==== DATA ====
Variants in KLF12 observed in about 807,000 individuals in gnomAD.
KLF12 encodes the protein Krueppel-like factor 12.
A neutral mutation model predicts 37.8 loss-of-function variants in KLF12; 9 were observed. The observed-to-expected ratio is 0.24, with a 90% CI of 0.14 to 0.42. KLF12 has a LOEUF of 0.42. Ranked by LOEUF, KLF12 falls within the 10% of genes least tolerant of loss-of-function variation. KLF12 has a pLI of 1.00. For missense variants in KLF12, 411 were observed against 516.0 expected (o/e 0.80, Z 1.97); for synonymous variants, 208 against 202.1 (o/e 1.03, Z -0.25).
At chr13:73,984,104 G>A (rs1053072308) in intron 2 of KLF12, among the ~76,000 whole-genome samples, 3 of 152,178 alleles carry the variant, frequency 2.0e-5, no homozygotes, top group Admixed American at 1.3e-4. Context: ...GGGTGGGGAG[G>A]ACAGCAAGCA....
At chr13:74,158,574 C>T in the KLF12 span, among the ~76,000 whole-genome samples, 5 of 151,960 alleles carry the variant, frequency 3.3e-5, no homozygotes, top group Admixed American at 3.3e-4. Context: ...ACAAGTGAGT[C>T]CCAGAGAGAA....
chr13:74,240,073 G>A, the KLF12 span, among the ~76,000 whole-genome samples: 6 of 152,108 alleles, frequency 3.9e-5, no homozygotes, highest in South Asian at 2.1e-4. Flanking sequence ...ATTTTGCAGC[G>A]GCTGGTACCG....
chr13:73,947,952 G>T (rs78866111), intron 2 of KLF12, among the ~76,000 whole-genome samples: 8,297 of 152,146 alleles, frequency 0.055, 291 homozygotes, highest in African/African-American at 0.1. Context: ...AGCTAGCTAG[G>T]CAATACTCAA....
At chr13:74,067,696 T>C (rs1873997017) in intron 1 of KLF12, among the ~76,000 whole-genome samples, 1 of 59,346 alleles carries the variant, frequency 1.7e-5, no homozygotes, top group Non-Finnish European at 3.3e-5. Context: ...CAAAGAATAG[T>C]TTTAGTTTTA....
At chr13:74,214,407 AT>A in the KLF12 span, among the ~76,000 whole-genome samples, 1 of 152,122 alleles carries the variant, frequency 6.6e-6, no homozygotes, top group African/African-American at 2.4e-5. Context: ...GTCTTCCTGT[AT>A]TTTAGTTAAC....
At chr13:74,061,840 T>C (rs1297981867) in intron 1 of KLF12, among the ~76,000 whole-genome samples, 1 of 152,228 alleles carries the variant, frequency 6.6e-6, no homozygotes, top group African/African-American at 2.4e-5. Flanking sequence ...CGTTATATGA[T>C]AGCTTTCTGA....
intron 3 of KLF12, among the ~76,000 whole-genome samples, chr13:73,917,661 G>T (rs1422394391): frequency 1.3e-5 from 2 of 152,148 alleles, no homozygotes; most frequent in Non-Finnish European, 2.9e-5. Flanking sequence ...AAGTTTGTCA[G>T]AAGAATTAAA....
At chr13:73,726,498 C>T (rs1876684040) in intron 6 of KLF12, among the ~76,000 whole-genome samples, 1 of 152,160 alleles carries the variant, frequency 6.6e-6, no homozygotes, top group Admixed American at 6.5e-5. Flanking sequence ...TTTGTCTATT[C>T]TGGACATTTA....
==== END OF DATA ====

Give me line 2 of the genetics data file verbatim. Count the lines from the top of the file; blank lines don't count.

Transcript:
KLF12 encodes the protein Krueppel-like factor 12.